The study was funded in part by the Muscular Dystrophy Association, the Kennedy's Disease Association, the National Institutes of Health and ALSAC.
Efficacy and safety of leuprorelin in patients with spinal and bulbar muscular atrophy (JASMITT study): a multicentre, randomised, double-blind, placebo-controlled trial.
Department of Neurology, Nagoya University Graduate School of Medicine, Nagoya, Japan; Institute for Advanced Research, Nagoya University, Nagoya, Japan.
BACKGROUND: Spinal and bulbar muscular atrophy is a hereditary motor neuron disease caused by the expansion of a polyglutamine tract in the androgen receptor. At present there are no treatments for spinal and bulbar muscular atrophy, although leuprorelin suppressed the accumulation of pathogenic androgen receptors in a phase 2 trial. We aimed to assess the efficacy and safety of leuprorelin for spinal and bulbar muscular atrophy. METHODS: The Japan SBMA Interventional Trial for TAP-144-SR (JASMITT) was a 48-week, randomised, double-blind, placebo-controlled trial done at 14 hospitals between August, 2006, and March, 2008. Patients with spinal and bulbar muscular atrophy were randomly assigned (1:1) by minimisation to subcutaneous 11.25 mg leuprorelin or identical placebo every 12 weeks. Patients and investigators were masked to treatment allocation. The primary endpoint was pharyngeal barium residue, which indicates incomplete bolus clearance, measured at week 48 by videofluorography. All patients who were randomly assigned and who were assessed with videofluorography at least once were included in the analyses. This study is registered with the JMACCT clinical trials registry, number JMA-IIA00009, and the UMIN clinical trials registry, number UMIN000000465. FINDINGS: 204 patients were randomly assigned and 199 started treatment: 100 with leuprorelin and 99 with placebo. At week 48, the pharyngeal barium residue after initial swallowing had changed by -5.1% (SD 21.0) in the leuprorelin group and by 0.2% (18.2) in the placebo group (difference between groups -5.3%; 95% CI -10.8 to 0.3; p=0.063). The mean difference in pharyngeal barium residue after piecemeal deglutition at week 48 was -3.2% (-6.4 to 0.0; p=0.049), but there was no significant difference between the groups after covariate adjustment for the baseline data (-4.1 to 1.6; p=0.392). In a predefined subgroup analysis, leuprorelin treatment was associated with a greater reduction in barium residue after initial swallowing than was placebo in patients with a disease duration less than 10 years (difference between groups -9.8, -17.1 to -2.5; p=0.009). There were no significant differences in the number of drug-related adverse events between groups (57 of 100 in the leuprorelin group and 54 of 99 in the placebo group; p=0.727).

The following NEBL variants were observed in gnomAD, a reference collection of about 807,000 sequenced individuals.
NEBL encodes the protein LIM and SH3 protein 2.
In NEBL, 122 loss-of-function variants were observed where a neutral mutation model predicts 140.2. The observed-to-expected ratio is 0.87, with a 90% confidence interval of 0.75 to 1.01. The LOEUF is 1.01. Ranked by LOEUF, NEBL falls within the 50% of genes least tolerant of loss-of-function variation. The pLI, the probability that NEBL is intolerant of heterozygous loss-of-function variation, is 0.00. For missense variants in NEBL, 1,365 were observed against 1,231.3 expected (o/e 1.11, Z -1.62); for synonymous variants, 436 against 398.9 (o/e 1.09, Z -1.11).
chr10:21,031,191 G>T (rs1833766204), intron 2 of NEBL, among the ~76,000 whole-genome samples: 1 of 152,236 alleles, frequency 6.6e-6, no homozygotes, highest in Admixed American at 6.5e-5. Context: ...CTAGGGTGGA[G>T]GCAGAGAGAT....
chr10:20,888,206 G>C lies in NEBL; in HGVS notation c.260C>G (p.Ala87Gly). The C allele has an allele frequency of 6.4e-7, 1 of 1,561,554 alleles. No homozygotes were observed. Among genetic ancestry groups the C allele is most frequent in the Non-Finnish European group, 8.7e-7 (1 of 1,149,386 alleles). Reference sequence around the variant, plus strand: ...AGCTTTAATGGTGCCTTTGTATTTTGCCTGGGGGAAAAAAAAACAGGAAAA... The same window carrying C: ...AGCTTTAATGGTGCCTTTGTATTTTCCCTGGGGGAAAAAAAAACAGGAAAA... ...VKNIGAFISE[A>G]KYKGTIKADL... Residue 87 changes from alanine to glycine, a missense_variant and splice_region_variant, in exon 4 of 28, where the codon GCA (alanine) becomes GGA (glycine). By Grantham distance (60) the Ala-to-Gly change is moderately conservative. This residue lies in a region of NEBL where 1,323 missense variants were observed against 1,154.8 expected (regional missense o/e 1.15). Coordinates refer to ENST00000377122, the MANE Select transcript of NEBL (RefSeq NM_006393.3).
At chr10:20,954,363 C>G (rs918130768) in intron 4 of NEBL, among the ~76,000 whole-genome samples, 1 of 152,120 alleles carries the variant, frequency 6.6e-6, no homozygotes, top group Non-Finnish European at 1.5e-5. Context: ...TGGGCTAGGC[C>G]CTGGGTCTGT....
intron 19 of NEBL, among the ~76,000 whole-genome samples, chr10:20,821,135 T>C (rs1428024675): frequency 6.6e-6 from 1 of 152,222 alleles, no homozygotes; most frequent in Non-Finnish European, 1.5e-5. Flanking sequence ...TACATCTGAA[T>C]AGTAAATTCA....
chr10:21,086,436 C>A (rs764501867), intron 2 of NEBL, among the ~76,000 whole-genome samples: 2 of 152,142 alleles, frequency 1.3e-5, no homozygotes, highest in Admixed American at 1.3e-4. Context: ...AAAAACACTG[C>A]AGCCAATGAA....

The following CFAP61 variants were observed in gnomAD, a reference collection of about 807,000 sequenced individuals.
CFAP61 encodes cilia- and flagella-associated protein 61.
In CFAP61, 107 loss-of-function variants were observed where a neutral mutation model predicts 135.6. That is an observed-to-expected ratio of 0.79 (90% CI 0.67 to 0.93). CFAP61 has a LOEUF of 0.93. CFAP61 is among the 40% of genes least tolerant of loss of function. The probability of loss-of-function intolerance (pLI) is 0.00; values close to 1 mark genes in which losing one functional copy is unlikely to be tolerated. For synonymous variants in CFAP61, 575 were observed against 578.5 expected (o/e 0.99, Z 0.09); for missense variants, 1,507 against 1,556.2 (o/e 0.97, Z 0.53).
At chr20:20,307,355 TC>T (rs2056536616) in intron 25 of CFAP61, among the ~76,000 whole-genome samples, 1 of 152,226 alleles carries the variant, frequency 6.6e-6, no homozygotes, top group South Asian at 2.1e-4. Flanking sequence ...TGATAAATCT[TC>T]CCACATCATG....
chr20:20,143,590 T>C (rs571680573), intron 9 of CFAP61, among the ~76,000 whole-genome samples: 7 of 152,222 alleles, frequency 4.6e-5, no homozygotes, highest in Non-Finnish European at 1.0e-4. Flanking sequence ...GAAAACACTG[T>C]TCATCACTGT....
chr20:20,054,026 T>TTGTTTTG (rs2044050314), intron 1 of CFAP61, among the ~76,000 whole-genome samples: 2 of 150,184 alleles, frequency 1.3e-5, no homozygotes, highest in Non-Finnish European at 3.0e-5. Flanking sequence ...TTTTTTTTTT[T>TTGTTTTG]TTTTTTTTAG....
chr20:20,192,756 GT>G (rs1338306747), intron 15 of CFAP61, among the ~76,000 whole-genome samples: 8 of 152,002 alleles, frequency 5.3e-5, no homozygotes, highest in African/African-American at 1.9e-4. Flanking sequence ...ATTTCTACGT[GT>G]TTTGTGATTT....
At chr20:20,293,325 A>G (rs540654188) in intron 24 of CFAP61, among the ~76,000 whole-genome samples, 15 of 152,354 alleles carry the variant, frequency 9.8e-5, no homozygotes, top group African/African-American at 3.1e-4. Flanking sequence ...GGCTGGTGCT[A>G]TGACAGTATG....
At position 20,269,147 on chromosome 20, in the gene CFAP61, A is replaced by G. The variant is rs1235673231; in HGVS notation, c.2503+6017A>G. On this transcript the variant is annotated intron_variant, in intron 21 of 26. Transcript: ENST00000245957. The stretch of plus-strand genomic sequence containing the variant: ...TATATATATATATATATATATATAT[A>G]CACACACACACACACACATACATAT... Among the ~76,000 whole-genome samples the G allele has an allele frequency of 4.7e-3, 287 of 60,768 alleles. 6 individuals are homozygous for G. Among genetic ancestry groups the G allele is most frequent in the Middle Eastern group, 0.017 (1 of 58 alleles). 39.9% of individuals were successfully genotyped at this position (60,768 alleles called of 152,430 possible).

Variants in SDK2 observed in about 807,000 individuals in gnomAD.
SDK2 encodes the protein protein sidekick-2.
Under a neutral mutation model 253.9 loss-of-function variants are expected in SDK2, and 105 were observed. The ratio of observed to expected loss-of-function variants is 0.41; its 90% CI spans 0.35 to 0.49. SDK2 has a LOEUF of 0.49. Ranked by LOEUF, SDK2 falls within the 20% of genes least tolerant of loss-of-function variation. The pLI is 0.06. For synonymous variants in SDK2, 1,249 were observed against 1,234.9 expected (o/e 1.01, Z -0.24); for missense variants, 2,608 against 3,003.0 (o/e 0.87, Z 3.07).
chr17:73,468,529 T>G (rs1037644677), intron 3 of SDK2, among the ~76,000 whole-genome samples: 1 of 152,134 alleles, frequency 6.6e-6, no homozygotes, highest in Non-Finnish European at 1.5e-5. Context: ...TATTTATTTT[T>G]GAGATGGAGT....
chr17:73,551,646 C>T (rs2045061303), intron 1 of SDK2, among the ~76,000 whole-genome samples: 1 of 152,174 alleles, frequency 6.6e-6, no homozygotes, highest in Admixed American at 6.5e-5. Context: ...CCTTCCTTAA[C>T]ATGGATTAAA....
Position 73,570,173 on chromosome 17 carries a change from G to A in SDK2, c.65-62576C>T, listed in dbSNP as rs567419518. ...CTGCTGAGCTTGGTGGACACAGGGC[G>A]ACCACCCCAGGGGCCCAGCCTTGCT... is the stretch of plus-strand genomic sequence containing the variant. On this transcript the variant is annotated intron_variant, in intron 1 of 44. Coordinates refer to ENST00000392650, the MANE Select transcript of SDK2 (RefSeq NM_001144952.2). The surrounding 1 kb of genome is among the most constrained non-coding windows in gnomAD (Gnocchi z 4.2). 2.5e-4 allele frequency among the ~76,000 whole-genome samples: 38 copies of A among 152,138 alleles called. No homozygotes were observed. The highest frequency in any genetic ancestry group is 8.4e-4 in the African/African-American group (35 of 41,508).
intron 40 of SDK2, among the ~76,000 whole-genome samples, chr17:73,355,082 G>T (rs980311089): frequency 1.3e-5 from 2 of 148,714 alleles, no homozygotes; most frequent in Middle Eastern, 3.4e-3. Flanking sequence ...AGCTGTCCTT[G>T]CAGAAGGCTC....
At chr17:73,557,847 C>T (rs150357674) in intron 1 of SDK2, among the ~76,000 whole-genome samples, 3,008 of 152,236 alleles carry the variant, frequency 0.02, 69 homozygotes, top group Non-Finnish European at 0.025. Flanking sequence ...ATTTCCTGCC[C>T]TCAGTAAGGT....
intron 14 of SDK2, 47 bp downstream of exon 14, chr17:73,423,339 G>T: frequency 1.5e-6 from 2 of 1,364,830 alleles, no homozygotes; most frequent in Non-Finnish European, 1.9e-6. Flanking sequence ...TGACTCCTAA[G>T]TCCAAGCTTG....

INTERPRETATION: 48 weeks of treatment with leuprorelin did not show significant effects on swallowing function in patients with spinal and bulbar muscular atrophy, although it was well tolerated. Disease duration might influence the efficacy of leuprorelin and thus further clinical trials with sensitive outcome measures should be done in subpopulations of patients. FUNDI
NG: Large Scale Clinical Trial Network Project, Japan and Takeda Pharmaceuticals. Copyright © 2010 Elsevier Ltd. All rights reserved.